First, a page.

Thursday, February 22, 2007
My 25th book!
Sophie and Mark now have a title and a release date. Their story will be called
THE BRIDESMAID'S BEST MAN and it will be released in January 2008.
This means they will be part of two milestones!!! The first month of Mills & Boon's 100th anniversary, which is the biggie!!! (Isn't it wonderful that M&B have been publishing since 1908?) And my personal milestone -- 25 books.
The funny thing is, I've been thinking about the need to "brand" myself as an author, thinking I need to write all my books set in the Outback with a certain kind of hero. (One of my author mates has suggested my brand is a modern Lucy Walker -- I wish.)
I'm not sure how readers feel about that and I would love to hear if they like to know exactly what kind of story they're going to get when they pick up an author's book. More or less like knowing if this author is a cherry ripe of a peanut brittle. For example, when I read Rosamunde Pilcher, I know her books are almost always going to be set in Cornwall or London or Scotland (with a dash of Spain or America thrown in), and I know I'm going to be reading about reasonably wealthy, upper class people with artistic sensibilities, who invariably love gardening or the countryside. I know I can expect warm, emotional stories with some delightful, witty insights, some wise older characters and some less wise young ones, etc, etc. And then there's RP's distinctive voice.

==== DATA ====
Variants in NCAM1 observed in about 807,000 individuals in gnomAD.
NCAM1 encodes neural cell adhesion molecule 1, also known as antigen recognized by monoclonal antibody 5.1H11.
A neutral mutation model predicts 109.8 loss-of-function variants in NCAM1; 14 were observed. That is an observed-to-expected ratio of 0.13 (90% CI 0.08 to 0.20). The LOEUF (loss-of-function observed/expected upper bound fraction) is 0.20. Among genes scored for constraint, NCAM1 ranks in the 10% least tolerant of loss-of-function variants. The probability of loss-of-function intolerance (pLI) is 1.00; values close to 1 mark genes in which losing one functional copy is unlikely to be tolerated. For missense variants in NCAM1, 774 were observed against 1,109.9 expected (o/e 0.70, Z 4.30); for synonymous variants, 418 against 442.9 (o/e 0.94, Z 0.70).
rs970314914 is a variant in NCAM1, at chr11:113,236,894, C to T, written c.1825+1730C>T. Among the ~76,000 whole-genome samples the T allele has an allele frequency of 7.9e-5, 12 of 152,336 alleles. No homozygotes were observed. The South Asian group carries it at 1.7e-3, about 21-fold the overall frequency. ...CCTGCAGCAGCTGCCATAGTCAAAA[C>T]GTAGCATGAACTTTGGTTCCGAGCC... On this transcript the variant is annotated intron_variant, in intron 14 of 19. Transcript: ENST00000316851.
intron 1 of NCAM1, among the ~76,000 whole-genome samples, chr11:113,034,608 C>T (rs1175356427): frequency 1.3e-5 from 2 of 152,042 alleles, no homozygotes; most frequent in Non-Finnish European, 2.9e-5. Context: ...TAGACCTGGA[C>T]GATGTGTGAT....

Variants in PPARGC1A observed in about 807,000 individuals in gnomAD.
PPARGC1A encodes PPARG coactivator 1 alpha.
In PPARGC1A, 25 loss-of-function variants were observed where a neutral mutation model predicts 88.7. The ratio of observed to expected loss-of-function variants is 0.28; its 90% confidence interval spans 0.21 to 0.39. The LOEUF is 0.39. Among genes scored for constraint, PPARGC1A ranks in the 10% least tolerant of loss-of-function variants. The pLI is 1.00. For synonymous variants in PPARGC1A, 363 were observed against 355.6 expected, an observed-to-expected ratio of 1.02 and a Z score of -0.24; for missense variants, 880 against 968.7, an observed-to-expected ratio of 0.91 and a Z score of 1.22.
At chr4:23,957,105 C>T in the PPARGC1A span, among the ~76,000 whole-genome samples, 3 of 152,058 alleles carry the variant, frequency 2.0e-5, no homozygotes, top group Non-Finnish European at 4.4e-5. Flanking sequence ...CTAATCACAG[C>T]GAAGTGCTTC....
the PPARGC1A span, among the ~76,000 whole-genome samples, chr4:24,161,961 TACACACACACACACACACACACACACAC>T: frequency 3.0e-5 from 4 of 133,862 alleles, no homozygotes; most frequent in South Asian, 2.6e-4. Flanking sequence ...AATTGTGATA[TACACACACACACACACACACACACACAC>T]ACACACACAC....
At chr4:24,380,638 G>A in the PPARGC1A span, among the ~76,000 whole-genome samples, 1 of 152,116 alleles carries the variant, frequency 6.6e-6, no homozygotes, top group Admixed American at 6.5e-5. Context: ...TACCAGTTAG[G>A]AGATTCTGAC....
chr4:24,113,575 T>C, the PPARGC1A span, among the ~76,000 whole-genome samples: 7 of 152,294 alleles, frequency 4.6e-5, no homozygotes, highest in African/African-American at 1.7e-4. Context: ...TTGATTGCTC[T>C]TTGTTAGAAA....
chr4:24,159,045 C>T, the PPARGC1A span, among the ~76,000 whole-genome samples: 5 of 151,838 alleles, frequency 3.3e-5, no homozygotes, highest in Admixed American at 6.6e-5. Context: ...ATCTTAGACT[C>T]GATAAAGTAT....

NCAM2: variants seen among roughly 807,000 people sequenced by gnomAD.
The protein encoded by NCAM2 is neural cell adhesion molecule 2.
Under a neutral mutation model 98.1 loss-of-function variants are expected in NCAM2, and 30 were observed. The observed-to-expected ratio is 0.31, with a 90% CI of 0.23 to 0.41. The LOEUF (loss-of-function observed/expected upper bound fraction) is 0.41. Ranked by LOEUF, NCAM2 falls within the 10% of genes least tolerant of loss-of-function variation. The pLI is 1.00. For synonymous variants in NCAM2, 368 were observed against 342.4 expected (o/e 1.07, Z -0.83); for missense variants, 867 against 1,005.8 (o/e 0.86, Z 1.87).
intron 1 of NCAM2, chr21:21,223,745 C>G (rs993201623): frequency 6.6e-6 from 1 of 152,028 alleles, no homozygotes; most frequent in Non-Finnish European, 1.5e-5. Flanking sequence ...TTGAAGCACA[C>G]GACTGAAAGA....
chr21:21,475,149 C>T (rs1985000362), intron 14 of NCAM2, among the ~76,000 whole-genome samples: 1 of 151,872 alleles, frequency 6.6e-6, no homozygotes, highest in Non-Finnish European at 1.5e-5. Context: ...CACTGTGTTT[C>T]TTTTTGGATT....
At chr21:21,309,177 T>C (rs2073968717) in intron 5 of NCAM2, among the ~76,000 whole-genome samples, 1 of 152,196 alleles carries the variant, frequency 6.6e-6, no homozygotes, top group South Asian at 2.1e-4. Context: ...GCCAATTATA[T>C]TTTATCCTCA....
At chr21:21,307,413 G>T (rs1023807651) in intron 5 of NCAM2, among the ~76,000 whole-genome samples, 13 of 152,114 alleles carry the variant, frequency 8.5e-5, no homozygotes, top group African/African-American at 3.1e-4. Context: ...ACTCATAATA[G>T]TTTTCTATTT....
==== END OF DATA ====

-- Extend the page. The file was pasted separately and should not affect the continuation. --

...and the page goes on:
And I love knowing that I can trust her to write about these things. The expectation is part of the enjoyment, I guess. Dick Francis or James Herriot are similarly reliable (no, I didn't say predictable. (quick examples off the top of my head.)
I have no idea if I have a distinctive voice, but anyway, to get back to the point I began making a few paragraphs ago, Sophie and Mark's story is set right in the Outback on the Queensland/Northern Territory border and Sophie is an English girl, pregnant after a one night stand with Mark (when they were best man and bridesmaid). But the title doesn't have a whisper of the Outback in it. I guess it will be on the blurb, however and may be evident on the cover -- and does it matter? I haven't a clue.
Did you know that Rosamunde Pilcher used to write for Mills and Boon? That's why she's my hero. I dream of some day writing a longer book set in WW2, in the vein of the "The Shell Seekers".